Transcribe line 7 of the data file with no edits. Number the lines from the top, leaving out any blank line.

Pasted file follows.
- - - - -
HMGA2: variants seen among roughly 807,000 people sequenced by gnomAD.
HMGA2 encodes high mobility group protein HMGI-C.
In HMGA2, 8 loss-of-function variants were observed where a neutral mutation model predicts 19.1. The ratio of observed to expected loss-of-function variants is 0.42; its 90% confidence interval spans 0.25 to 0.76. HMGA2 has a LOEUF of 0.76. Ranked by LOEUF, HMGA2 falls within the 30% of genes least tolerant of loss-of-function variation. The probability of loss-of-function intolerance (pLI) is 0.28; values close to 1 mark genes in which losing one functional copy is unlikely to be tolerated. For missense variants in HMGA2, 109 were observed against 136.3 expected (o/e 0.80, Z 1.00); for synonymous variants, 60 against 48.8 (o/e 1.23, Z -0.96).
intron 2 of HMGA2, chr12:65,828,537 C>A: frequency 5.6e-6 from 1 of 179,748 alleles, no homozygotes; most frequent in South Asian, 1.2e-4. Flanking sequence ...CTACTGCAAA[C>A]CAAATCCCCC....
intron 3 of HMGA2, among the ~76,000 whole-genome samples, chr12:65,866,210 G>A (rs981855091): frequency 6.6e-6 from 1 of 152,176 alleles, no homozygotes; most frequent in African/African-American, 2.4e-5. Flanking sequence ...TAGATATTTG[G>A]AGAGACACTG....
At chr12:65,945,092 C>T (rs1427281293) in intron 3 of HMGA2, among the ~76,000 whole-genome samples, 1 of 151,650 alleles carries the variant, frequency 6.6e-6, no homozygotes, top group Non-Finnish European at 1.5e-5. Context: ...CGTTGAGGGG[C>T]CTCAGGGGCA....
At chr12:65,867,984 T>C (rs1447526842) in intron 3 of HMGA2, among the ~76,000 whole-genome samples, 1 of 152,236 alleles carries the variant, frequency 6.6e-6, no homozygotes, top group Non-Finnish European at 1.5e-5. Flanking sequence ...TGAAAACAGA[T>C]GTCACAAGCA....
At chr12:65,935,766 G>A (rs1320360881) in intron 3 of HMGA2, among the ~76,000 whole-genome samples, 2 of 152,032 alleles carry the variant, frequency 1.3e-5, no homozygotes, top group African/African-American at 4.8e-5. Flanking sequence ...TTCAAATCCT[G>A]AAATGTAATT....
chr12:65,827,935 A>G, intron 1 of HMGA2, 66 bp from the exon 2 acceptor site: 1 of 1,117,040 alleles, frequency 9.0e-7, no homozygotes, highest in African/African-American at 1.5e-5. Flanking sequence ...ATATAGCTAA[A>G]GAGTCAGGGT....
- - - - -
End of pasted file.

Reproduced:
At chr12:65,867,984 T>C (rs1447526842) in intron 3 of HMGA2, among the ~76,000 whole-genome samples, 1 of 152,236 alleles carries the variant, frequency 6.6e-6, no homozygotes, top group Non-Finnish European at 1.5e-5. Flanking sequence ...TGAAAACAGA[T>C]GTCACAAGCA....